20. When Jesus went to the garden to pray, he told his disciples to stay awake and keep watch for an hour or so. They fell asleep, so Jesus yelled at them. It may have been from eating too much food at the Last Supper.

     All told, Easter dinner as to the Passover Meal/Last Supper is a way of celebrating life. Did you catch that? LIFE! We as Christians need to remember that at all times because Jesus presented us with the bread and wine, thus the body and blood that is His. Again, did you catch that? HIS! All because of the greatest gift that God could ever give and that is the gift of love which is given for us. Once again, did you catch that? US! In Jesus’ name, Amen.

*NOTE: The preceding’s of these pages are only examples of reading to a much broader aspect to the subjects. I urge you to look further into this as the contents to what you will find are indeed fascinating, for there is much. In doing so, you will even find yourselves in the very Word of God (as it should be) as to the endless references therein. Also, lest ye not forget that He Is Risen! He Is Risen Indeed! ALLEUIA!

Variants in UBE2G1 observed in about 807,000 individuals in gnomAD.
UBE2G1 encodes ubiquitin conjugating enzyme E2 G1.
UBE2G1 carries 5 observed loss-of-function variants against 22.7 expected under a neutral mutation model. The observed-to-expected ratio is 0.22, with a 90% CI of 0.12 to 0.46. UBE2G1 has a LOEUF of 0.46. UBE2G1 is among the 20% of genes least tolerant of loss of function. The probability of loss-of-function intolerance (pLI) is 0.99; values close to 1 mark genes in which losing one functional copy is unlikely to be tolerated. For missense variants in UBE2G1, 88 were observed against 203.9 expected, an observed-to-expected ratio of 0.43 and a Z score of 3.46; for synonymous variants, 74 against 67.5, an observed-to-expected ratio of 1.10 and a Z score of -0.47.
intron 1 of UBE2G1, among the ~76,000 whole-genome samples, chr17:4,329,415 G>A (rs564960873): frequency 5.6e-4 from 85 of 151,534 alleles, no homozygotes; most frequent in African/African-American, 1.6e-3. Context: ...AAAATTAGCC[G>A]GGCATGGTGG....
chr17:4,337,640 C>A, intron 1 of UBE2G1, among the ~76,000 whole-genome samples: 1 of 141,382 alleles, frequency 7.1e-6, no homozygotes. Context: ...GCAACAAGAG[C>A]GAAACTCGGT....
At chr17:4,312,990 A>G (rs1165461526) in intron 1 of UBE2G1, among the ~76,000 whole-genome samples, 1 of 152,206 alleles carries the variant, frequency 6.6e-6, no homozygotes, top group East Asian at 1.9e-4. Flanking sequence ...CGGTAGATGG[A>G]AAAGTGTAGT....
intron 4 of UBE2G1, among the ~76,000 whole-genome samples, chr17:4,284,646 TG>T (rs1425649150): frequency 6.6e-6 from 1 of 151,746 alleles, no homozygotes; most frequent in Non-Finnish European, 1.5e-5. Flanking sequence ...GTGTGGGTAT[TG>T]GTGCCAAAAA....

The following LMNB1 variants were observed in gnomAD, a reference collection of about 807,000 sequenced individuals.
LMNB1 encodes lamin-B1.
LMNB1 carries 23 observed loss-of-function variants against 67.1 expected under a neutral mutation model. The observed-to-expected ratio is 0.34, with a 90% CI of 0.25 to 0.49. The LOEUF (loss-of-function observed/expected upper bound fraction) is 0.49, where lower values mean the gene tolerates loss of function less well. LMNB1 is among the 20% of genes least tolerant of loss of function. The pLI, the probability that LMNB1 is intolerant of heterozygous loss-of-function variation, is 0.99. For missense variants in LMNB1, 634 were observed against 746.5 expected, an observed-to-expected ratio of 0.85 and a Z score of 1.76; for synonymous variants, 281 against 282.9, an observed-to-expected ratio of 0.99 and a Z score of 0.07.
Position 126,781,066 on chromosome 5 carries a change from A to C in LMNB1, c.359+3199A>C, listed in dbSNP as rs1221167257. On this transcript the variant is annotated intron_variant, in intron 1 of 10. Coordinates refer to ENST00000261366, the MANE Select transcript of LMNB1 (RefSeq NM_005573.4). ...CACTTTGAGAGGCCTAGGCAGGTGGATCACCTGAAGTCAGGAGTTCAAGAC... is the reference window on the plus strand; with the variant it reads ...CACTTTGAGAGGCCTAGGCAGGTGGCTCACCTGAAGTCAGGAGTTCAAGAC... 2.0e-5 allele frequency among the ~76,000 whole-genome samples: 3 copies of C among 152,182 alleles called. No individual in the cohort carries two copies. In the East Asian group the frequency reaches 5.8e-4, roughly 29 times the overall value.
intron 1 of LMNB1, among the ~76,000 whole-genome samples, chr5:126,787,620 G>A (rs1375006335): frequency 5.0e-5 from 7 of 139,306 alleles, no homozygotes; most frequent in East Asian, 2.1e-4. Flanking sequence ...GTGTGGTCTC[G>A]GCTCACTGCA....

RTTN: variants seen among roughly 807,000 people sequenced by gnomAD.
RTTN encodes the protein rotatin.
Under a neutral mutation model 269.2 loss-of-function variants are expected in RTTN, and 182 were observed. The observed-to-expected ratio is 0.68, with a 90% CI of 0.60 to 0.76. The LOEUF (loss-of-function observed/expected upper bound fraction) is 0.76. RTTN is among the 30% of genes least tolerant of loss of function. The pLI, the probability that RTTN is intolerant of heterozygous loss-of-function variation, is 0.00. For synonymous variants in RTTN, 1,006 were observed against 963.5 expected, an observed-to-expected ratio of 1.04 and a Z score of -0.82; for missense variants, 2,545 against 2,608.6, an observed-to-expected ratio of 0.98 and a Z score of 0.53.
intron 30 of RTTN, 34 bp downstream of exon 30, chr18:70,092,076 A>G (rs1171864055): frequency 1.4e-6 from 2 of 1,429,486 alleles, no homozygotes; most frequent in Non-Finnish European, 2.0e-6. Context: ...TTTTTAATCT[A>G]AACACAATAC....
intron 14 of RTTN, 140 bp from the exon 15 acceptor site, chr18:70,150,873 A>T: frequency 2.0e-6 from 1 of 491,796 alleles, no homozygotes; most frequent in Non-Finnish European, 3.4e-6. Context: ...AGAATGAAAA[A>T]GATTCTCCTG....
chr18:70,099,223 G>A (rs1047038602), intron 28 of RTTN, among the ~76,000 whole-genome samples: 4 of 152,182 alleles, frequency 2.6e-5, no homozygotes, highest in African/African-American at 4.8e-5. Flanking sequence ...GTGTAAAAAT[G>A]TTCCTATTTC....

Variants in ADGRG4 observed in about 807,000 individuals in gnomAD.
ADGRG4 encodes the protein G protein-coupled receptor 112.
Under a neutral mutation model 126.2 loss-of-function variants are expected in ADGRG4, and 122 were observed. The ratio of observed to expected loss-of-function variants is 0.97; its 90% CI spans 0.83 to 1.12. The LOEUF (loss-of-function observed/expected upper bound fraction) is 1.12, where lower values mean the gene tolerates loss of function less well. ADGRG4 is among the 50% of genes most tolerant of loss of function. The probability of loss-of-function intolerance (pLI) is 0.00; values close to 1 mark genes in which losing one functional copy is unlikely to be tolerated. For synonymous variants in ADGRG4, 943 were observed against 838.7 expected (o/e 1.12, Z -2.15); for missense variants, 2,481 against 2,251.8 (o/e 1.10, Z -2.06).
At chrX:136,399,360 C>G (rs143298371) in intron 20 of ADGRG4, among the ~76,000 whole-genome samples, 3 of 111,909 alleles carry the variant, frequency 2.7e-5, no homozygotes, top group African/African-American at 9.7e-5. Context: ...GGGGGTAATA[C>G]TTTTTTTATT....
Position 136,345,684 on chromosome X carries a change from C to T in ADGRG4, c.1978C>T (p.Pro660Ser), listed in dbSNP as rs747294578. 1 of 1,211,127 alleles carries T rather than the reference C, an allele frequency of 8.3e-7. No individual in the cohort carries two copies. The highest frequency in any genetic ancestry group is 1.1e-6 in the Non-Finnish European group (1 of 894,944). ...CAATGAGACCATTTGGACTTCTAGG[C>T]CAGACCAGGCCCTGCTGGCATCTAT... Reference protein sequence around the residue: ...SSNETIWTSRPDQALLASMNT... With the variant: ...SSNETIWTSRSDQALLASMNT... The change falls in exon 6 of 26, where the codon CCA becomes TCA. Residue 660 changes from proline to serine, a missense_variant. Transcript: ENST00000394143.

Lenten Season


Invitatory for Lent

The Lord has redeemed His people

      O come, let us worship Him


1         Man shall not live by bread alone,

but by every word that comes from

the mouth of God.      (Matthew 4:4)

2         Behold, now is the favorable time,

behold, now is the day of salvation.

                              (2 Corinthians 6:2) 

3         He was oppressed, and He was afflicted,

yet He opened not His mouth

and the Lord has laid on Him

the iniquity of us all. (Isaiah 53:7,6)

Responsory for Lent

      L:    We have an advocate with the Father;

             Jesus is the propitiation for our sins.

                                                 (1 John 2:1-2)

             Blessed is he whose transgression is

             forgiven and whose sin is put away.

                                                  (Psalm 32:1)